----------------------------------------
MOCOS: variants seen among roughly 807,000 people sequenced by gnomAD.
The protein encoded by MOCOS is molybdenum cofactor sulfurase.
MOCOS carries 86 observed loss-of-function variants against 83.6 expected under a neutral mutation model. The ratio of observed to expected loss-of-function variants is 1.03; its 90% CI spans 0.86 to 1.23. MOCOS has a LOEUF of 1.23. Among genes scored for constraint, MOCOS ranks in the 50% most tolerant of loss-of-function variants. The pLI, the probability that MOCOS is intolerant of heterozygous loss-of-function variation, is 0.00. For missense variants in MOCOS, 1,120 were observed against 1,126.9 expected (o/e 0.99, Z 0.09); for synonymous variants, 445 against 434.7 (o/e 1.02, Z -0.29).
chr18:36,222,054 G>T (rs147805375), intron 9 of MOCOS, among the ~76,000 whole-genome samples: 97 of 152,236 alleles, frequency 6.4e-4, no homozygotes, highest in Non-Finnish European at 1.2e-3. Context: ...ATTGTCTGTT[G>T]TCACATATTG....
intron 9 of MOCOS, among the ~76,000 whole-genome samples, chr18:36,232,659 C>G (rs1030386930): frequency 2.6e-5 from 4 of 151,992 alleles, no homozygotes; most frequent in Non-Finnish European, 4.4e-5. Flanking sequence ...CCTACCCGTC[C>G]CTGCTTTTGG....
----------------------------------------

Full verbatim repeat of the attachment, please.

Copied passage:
MOCOS: variants seen among roughly 807,000 people sequenced by gnomAD.
The protein encoded by MOCOS is molybdenum cofactor sulfurase.
MOCOS carries 86 observed loss-of-function variants against 83.6 expected under a neutral mutation model. The ratio of observed to expected loss-of-function variants is 1.03; its 90% CI spans 0.86 to 1.23. MOCOS has a LOEUF of 1.23. Among genes scored for constraint, MOCOS ranks in the 50% most tolerant of loss-of-function variants. The pLI, the probability that MOCOS is intolerant of heterozygous loss-of-function variation, is 0.00. For missense variants in MOCOS, 1,120 were observed against 1,126.9 expected (o/e 0.99, Z 0.09); for synonymous variants, 445 against 434.7 (o/e 1.02, Z -0.29).
chr18:36,222,054 G>T (rs147805375), intron 9 of MOCOS, among the ~76,000 whole-genome samples: 97 of 152,236 alleles, frequency 6.4e-4, no homozygotes, highest in Non-Finnish European at 1.2e-3. Context: ...ATTGTCTGTT[G>T]TCACATATTG....
intron 9 of MOCOS, among the ~76,000 whole-genome samples, chr18:36,232,659 C>G (rs1030386930): frequency 2.6e-5 from 4 of 151,992 alleles, no homozygotes; most frequent in Non-Finnish European, 4.4e-5. Flanking sequence ...CCTACCCGTC[C>G]CTGCTTTTGG....